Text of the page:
Sea Life Park
advertises plight
of sea turtles

A program on Sunday will include
information sessions and keiki fun

Sea turtles represent a living link to ancient seas, the descendants of species dating back 130 million years to the Cretaceous Period. Some may be more closely related to dinosaurs than our present day reptiles.

But in the 21st century, these ultimate survivors are considered endangered or threatened. To raise awareness and create an appreciation for the creatures, Sea Life Park will be hosting Sea Turtle Day Sunday. Turtle feeding, talks and keiki arts and crafts are just a few of the events scheduled. There will also be a "name the honu" contest for one of the park's newest deliveries.

World Turtle Trust is one of the event's sponsors, and spokesperson Laurie McKeon said such events are important if the turtle is to survive future centuries because, "people are realizing that their population has diminished."

Reasons are almost entirely manmade including human development on nesting beaches; loss of coral reefs due to development and pollution; harvesting of turtles for shells, leather and meat; poaching of eggs; and death caused by nets and other fishing gear and human debris. Turtles are also subject to a fatal disease called fibropapilloma, in which cancerous tumors grow on their bodies.

The locally based World Turtle Trust organization funds independent turtle conservation efforts worldwide. "You can't just protect one little group of turtles," McKeon explained. The effort needs to be international because the turtles travel. Groups monitor nests and prevent people from harvesting eggs and turtles.

The group started as the Honu Project, making videos such as "Red Turtle Rising," which screened at the Hawai'i International Film Festival.

Youngsters can see hatchlings of sea turtles in varying ages and sizes at Sea Life Park.

SEA LIFE PARK has conducted a sea turtle program for many years. Its breeding population lays eggs every year on the beach in the turtle lagoon, said Jim Horton, supervisor of animal programs at the park.

Females reach reproductive age after 35 to 40 years, and in the wild, return to the beaches where they were born to lay hundreds of eggs. Only a few of those hatchlings reach maturity.

"Two (hundred) to 600 hatchlings crawl out of the sand," he said. But only one in 1,000 will survive. Shoreline predators waiting for the hatchlings include sea birds, sharks and crabs.

"Just about anything will snag a turtle if they have the chance," he said. "In the water, they can hide in seaweed."

The hatchlings are weighed, measured, tagged and then released into the ocean. "We kiss our turtles goodbye and send them off into the ocean," Horton said. "If we can get them from the nest to the water, there is a much better chance of survival."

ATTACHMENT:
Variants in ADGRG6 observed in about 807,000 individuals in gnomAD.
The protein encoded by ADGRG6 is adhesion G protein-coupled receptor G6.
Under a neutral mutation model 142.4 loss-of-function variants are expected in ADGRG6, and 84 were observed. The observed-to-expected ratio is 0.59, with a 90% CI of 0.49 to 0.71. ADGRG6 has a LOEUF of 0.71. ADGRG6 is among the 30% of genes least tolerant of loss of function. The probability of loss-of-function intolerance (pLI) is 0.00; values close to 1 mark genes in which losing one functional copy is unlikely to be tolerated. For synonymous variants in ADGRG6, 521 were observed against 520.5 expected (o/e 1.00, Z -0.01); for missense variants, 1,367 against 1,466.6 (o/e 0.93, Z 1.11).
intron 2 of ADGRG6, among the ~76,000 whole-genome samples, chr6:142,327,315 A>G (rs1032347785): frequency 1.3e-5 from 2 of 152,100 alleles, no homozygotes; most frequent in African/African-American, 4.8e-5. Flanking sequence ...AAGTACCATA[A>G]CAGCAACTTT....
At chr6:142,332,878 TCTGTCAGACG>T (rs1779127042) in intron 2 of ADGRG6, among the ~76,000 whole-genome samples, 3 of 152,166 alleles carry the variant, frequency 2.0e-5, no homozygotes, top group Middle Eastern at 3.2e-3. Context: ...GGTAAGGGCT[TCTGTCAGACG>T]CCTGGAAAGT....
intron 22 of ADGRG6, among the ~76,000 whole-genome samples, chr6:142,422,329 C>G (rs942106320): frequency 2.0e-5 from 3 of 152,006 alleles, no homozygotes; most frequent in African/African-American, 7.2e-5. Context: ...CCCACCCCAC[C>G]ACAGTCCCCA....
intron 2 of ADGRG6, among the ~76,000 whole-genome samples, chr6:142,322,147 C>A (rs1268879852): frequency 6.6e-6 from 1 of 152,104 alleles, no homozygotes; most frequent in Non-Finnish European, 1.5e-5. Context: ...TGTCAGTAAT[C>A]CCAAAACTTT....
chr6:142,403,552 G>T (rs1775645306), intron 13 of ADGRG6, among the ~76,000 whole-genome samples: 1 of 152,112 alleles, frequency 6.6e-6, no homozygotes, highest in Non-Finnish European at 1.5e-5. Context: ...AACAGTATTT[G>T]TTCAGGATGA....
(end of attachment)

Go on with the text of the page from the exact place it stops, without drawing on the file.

At birth, the turtles are about the size of a ping-pong ball. Some of the turtles are raised at Sea Life Park until they celebrate their first birthday, when they are four times larger, and are released on the Big Island. Most of the turtles are tagged to allow researchers to monitor feeding and nesting practices.

Turtles of different ages will be displayed during Sea Turtle Day, so people can see how fast they grow. No hands-on touching will be allowed because they are a protected species. But people will be able to purchase food to get close and feed them.

"You can definitely get a good look at them," Horton said.

And yes, some parents will be glad to see Honu Brewing Co. among the event participants. Proceeds from beer sales will benefit World Turtle Trust's mission continue to protects sea turtles worldwide.

"The green sea turtle population is improving," McKeon said, but people should not be lax.

Simple ways to help

>> Properly dispose of your garbage. Turtles may mistake plastic bags, Styrofoam, and trash floating in the water for food and die when this trash blocks their intestines. Helium balloons also pose a risk.

>> If you see a turtle on the beach at night, keep your distance and stay still and quiet. It is most likely an egg-laying turtle who may become frightened and return to the ocean without nesting.

>> Eliminate disturbances at nesting beaches, such as artificial lighting and beach armoring.

>> Vote in favor of national and international laws to minimize ocean pollution.

>> Support research and monitoring activities;

>> Increase public awareness and community participation in sea turtle conservation.

Visit for more information on various projects.

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